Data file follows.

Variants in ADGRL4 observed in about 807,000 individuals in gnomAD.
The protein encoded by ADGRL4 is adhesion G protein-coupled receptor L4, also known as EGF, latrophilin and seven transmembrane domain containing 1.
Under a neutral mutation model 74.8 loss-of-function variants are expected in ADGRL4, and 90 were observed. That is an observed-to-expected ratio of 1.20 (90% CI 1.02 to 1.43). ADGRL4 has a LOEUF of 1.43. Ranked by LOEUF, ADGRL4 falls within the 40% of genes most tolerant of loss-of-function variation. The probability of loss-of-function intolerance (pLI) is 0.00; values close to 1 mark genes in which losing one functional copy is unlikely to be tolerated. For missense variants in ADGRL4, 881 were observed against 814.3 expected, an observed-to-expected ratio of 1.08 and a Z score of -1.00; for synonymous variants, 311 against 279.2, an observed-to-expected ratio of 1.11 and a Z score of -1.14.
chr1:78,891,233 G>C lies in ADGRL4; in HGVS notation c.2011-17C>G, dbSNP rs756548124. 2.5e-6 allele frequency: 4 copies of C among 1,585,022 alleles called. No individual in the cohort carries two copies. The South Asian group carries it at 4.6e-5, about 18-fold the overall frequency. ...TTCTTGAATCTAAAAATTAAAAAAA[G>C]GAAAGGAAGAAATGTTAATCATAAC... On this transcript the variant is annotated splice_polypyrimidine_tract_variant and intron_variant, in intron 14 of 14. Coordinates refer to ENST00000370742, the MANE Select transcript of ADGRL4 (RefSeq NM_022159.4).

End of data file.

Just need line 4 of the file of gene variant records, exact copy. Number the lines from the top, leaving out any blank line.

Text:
chr1:78,891,233 G>C lies in ADGRL4; in HGVS notation c.2011-17C>G, dbSNP rs756548124. 2.5e-6 allele frequency: 4 copies of C among 1,585,022 alleles called. No individual in the cohort carries two copies. The South Asian group carries it at 4.6e-5, about 18-fold the overall frequency. ...TTCTTGAATCTAAAAATTAAAAAAA[G>C]GAAAGGAAGAAATGTTAATCATAAC... On this transcript the variant is annotated splice_polypyrimidine_tract_variant and intron_variant, in intron 14 of 14. Coordinates refer to ENST00000370742, the MANE Select transcript of ADGRL4 (RefSeq NM_022159.4).